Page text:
Independence anniversary affords a review of Guyana’s forward movement
“Forty six years ago the British Union Jack was lowered for the last time and the Golden Arrow Head rose for the first time over this land.
“ It was a very emotional time for many who were involved in the struggle for Independence and social progress. We recall two of the principal actors who were leading different parties, Cheddi Jagan and Forbes Burnham put aside their differences and embraced each other right on this tarmac.”
Those comments were made by President Donald Ramotar last night when he addressed the gathering at the National Park on the eve of Guyana’s 46th independence anniversary. He said that those early days were full of uncertainty “ that stemmed from the knowledge that we were beginning a new journey as a nation and a people who had varied origins in a land that we called home.
“ We were now in charge of our own destiny to build a country that would be strong and viable.”
He spoke of the struggles over the past 46 years; he recalled the labours of the ancestors. “They fought from liberation from bondage.”
President Ramotar, talking about the local economic situation, said that as a small developing nation, Guyana’s economy remains susceptible to market volatilities and especially today to the adverse effects of climate change.”
He said that Guyana has learnt some important lessons over the past forty six years. It has developed good relations with its neighbours and with other friendly states; it has deepened and expanded its participation in regional integration at the level of CARICOM and in wider “`hemispheric groupings.
“Over recent years, Guyana has enjoyed unprecedented economic growth. We have become the object of attention within the region. Our policies are being analyzed for the lessons they can hold for other countries. Foremost amongst those lessons has been the importance of macro-economic stability.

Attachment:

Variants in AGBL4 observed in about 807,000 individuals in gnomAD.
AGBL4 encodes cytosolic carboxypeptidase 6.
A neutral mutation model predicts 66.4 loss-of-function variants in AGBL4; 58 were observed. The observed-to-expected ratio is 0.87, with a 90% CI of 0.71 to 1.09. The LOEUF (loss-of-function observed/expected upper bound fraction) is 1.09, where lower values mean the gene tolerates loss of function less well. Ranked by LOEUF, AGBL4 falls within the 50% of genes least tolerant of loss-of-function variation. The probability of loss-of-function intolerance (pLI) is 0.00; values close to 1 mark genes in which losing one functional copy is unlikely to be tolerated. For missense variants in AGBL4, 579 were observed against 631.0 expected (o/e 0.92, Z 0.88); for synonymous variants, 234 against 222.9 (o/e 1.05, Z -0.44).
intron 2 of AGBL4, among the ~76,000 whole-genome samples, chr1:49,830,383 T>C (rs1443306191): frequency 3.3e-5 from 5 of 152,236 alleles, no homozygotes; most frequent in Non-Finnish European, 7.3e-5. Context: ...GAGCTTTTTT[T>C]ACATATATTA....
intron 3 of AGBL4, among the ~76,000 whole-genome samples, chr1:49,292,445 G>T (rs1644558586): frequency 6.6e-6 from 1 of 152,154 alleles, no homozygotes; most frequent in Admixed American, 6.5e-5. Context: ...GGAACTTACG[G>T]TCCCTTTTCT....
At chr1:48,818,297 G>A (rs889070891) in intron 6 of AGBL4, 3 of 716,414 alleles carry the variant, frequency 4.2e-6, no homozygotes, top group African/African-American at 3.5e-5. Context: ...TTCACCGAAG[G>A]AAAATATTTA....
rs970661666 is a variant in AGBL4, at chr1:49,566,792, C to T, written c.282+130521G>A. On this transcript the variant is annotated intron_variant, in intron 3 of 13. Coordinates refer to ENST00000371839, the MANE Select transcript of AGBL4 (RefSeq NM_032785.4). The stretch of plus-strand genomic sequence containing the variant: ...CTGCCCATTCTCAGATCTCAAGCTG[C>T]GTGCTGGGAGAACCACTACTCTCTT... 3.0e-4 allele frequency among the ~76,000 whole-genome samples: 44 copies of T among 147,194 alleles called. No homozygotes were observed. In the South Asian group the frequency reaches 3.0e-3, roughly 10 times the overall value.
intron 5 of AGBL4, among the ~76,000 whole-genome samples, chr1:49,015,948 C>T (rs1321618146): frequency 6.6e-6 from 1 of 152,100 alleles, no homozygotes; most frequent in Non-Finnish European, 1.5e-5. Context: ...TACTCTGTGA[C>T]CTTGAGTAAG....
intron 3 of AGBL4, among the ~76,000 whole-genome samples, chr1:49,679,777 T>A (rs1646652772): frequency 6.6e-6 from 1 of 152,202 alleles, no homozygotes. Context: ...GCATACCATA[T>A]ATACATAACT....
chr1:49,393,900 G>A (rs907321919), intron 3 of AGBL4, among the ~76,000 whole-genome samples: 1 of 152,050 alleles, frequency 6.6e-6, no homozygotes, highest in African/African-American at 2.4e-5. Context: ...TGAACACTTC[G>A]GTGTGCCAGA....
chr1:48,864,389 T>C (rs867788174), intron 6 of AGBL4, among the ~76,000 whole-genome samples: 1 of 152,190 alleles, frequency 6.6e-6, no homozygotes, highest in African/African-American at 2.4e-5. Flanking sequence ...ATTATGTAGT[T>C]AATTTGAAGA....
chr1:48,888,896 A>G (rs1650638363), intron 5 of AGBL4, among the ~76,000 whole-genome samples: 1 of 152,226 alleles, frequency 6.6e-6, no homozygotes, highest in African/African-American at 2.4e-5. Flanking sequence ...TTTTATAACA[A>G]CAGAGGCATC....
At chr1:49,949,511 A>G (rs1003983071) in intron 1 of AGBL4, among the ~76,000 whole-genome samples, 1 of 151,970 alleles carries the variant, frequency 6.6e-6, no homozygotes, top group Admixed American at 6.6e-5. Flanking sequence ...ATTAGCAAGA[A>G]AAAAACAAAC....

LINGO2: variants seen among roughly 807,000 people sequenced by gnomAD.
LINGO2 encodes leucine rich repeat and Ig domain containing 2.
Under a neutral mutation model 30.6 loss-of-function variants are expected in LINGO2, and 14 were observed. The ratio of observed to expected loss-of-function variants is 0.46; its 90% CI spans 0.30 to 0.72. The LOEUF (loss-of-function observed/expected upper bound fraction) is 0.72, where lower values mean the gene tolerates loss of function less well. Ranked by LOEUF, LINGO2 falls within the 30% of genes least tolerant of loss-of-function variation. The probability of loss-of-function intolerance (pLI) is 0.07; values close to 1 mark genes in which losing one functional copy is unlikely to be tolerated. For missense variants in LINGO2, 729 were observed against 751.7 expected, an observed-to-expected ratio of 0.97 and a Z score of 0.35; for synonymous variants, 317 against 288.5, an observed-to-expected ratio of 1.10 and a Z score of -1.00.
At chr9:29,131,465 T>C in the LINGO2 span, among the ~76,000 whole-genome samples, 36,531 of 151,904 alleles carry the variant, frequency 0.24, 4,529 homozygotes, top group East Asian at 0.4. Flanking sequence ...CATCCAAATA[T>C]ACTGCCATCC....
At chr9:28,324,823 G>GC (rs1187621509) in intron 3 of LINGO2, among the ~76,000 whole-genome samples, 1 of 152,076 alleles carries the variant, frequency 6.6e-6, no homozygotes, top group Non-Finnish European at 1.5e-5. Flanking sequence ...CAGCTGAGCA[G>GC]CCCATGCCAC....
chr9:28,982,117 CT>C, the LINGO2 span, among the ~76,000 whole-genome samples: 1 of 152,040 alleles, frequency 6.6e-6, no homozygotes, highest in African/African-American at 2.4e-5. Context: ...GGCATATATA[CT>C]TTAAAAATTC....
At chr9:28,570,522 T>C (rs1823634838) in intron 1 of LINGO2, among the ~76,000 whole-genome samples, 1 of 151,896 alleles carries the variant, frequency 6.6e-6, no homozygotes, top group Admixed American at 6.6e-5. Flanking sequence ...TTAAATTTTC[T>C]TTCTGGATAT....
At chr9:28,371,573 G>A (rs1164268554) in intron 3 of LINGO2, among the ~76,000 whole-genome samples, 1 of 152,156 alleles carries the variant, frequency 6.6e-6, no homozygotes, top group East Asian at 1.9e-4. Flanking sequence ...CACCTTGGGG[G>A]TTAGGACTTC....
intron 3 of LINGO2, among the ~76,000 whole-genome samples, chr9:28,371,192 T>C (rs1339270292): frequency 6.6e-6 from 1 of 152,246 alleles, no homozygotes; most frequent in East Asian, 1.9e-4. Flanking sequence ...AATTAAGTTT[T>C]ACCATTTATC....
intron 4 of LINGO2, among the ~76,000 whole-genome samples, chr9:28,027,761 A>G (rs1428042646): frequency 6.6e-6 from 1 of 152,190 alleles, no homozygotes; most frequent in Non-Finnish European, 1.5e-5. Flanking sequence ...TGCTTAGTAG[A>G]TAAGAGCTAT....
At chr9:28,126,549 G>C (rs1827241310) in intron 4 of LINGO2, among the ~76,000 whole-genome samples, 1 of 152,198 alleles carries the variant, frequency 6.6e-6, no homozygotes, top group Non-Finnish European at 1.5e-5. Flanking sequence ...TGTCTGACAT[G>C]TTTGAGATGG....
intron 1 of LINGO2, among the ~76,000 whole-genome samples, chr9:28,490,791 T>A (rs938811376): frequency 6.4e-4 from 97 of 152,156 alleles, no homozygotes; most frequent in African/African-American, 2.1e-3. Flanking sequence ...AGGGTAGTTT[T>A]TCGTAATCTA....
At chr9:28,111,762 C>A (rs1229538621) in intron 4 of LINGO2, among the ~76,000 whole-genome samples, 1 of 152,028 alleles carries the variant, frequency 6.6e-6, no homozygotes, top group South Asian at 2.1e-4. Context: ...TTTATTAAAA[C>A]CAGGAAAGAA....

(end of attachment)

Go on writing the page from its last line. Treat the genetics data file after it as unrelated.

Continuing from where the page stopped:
“Holding inflation in check amidst turbulence in commodity markets, stabilizing foreign exchange markets in a period of international financial volatility and reduced interest rates for lending have boosted investments and economic activities.
“Our traditional sectors have also served us well in the face of daunting exogenous shocks. Despite the challenges since independence, our traditional sectors have continued to bring benefits to our people: creating and sustaining employment, earning valuable foreign exchange and boosting output.”
He said that the educational system has also been a tremendous asset to us since independence allowing the nation to produce graduates that have distinguished themselves both at home and abroad. “We have to continue to improve the delivery of education and configure it to meet the growing demands of the new economy that we are building in an ever growing and competitive world.”
“Like our fore-parents did in the past for us we must provide for a better future for our children and grandchildren. At the level of the government, we intend to assure this future through the process of economic transformation.”
He said that at this time Guyana is pursuing a course that would take its development to greater heights. There is the search for oil, the construction of an all-weather road to Lethem undergoing, a move to bridge the Corentyne River and the construction for a deep water harbour.
President Ramotar told the nation, “Through the stringing of fiber optic cable from Brazil we intend to revolutionise bandwidth and internet services throughout our country.”
“The fiber optic cable will also facilitate our e-governance programme, allowing government services to be more easily available to all our people, wherever they may be.”
He spoke about the one laptop per family project which he said will ensure that no one will be left out of the process of keying Guyana into the digital world.